British Food Journal, vol. 44 no. 3
Type: Research Article
ISSN: 0007-070X

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Article
Publication date: 1 September 1912

It is seven years ago since I first took up the estimation of dirt in milk samples; there had been numerous complaints about dirty milk sold in Chester, and the Public…

Abstract

It is seven years ago since I first took up the estimation of dirt in milk samples; there had been numerous complaints about dirty milk sold in Chester, and the Public Health Committee asked me if it would not be possible to estimate the dirt, so that proceedings could be taken against the milk sellers.

Details

British Food Journal, vol. 14 no. 9
Type: Research Article
ISSN: 0007-070X

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Article
Publication date: 1 May 1921

As has been said, the commercial “infants' food,” leaving on one side the condensed milk, is almost invariably a powder, and, as such, should conform in composition as…

Abstract

As has been said, the commercial “infants' food,” leaving on one side the condensed milk, is almost invariably a powder, and, as such, should conform in composition as nearly as possible to a dried human milk. Of course, the preparations are not altogether free from water. From a large number of analyses it appears that the percentage in the great majority of cases varies between 4 and 8, the maximum being 13.9 and the minimum under 1. The average is approximately 6.5 per cent.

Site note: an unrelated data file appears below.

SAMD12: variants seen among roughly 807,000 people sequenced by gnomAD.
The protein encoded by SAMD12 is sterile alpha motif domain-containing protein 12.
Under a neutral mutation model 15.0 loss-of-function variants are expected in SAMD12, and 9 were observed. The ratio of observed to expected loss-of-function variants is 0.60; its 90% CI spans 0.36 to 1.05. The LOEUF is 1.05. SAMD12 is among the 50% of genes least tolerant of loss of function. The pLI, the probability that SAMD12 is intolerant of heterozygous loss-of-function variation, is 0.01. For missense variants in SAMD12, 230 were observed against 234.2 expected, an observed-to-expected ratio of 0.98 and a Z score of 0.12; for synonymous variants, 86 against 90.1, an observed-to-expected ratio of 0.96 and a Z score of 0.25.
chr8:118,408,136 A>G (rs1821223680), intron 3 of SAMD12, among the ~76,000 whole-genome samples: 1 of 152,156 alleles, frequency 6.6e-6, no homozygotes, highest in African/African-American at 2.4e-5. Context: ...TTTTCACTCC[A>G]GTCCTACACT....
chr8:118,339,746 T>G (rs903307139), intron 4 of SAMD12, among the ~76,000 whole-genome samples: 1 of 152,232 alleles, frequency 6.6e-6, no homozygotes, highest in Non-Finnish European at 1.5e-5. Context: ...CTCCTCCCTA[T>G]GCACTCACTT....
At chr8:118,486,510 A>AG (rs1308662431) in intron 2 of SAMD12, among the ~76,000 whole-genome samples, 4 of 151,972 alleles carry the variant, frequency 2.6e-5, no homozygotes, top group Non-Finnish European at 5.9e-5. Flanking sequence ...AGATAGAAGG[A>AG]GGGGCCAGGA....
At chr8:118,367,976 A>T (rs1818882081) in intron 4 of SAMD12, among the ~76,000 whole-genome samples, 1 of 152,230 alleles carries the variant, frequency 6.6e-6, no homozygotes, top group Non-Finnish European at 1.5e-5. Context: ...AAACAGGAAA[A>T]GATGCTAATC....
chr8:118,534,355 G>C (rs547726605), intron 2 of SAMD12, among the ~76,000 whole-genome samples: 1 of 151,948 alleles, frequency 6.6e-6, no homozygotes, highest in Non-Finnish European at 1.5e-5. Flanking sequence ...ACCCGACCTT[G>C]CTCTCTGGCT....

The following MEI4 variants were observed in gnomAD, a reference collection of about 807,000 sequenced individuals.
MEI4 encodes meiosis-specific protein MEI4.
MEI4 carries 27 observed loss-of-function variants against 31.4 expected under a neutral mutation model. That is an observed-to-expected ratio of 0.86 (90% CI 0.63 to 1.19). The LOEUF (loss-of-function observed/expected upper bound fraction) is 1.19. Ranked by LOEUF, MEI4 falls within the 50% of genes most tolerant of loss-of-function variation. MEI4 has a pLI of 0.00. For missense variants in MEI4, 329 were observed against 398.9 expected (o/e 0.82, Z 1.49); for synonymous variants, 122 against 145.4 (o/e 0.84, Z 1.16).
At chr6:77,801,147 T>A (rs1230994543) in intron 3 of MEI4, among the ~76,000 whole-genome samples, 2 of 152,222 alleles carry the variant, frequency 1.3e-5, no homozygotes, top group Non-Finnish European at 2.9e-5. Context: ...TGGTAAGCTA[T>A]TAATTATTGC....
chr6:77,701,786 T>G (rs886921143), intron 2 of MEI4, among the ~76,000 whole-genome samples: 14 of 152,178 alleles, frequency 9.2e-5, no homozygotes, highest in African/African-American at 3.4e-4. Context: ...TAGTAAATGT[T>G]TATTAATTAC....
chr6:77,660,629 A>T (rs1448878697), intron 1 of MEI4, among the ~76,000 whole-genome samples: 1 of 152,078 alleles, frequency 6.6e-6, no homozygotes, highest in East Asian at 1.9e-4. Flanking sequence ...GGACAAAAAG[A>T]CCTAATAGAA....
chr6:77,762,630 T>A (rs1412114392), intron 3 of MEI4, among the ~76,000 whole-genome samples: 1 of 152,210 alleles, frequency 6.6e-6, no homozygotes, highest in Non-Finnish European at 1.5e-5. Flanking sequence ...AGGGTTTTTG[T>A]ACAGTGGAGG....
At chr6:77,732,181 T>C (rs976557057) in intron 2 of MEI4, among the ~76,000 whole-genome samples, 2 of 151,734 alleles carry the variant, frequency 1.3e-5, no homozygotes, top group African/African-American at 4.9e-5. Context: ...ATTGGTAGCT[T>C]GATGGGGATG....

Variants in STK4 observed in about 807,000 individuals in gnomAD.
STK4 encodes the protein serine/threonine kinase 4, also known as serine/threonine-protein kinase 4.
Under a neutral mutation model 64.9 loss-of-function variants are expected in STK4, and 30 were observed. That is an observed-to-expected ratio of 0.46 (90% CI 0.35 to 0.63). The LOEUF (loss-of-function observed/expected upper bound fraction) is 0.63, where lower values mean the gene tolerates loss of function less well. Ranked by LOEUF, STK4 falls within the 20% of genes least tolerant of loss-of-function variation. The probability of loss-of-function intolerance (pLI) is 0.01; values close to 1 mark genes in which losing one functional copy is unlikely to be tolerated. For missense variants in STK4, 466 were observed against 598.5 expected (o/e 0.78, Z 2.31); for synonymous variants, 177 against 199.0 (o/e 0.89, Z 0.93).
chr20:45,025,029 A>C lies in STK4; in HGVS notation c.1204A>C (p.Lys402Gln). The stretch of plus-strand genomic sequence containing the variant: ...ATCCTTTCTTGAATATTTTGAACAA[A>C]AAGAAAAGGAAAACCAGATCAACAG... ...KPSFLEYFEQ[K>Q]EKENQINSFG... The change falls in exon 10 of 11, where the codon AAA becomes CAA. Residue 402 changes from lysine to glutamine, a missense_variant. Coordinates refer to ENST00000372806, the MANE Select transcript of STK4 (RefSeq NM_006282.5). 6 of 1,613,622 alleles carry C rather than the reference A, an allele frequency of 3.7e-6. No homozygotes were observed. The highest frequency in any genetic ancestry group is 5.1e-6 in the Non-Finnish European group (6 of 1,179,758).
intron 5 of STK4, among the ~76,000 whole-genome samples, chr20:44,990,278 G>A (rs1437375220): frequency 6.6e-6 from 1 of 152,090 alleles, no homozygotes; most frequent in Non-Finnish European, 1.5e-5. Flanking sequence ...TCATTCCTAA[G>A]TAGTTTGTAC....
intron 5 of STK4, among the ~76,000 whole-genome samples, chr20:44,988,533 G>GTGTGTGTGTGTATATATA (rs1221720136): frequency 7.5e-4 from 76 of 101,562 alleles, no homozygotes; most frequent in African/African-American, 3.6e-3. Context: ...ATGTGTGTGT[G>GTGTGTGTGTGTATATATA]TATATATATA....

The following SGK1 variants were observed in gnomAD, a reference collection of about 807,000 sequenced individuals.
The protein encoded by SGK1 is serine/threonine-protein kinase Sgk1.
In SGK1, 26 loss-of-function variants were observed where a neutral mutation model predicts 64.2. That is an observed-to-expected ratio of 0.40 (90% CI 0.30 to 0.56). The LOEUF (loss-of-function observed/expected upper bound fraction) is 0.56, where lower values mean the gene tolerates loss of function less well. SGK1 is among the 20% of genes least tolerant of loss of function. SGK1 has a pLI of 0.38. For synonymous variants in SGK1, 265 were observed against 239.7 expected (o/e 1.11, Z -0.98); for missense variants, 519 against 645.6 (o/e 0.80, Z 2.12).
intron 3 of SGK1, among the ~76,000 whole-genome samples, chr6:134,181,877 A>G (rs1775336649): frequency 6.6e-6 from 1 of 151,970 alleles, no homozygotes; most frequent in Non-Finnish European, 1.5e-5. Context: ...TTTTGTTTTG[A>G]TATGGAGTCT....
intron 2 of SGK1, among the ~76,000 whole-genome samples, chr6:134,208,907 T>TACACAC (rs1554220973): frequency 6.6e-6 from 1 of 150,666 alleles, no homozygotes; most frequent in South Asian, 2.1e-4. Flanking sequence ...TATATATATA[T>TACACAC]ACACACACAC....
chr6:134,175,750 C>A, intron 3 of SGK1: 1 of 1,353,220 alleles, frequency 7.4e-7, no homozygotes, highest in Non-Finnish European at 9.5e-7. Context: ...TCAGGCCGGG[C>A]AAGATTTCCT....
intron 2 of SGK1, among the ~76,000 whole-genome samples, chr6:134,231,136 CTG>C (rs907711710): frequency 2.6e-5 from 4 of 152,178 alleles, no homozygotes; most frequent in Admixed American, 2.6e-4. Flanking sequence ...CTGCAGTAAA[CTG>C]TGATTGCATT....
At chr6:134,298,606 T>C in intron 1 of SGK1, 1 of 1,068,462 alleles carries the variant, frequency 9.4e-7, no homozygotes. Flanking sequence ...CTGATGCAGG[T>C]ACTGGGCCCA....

Details

British Food Journal, vol. 23 no. 5
Type: Research Article
ISSN: 0007-070X

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Article
Publication date: 25 April 2008

John H.S. Craig and Mark Lemon

The aim of the original and recent research in this study is to determine why, in these rapidly developing economies, management systems such as TQM, ISO 14001 and ISO…

Abstract

Purpose

The aim of the original and recent research in this study is to determine why, in these rapidly developing economies, management systems such as TQM, ISO 14001 and ISO 9001 fail to realize continuing improvement and remediation methodologies capable of improving technical performance and enhancing economic profit.

Design/methodology/approach

The research uses cultural frameworks to analyze the mechanisms which are preventing a greater realization of opportunities in the improvement of management systems, going on to suggest interventions. Within this approach there were three modes of data collection, an administered Likert questionnaire (developed from prior research in Poland, and pre‐tested in Lithuania, Greece and the UK) comprising every manager in the management levels of 12 heavy industrial factories in China and Poland, interviews with the senior managers, and the determination of the empirical (true) reality for environmental performance in each factory. Analysis of these data sets supported an evaluation of the alignment between perceived and actual environmental performance, and a comparison within and between countries.

Findings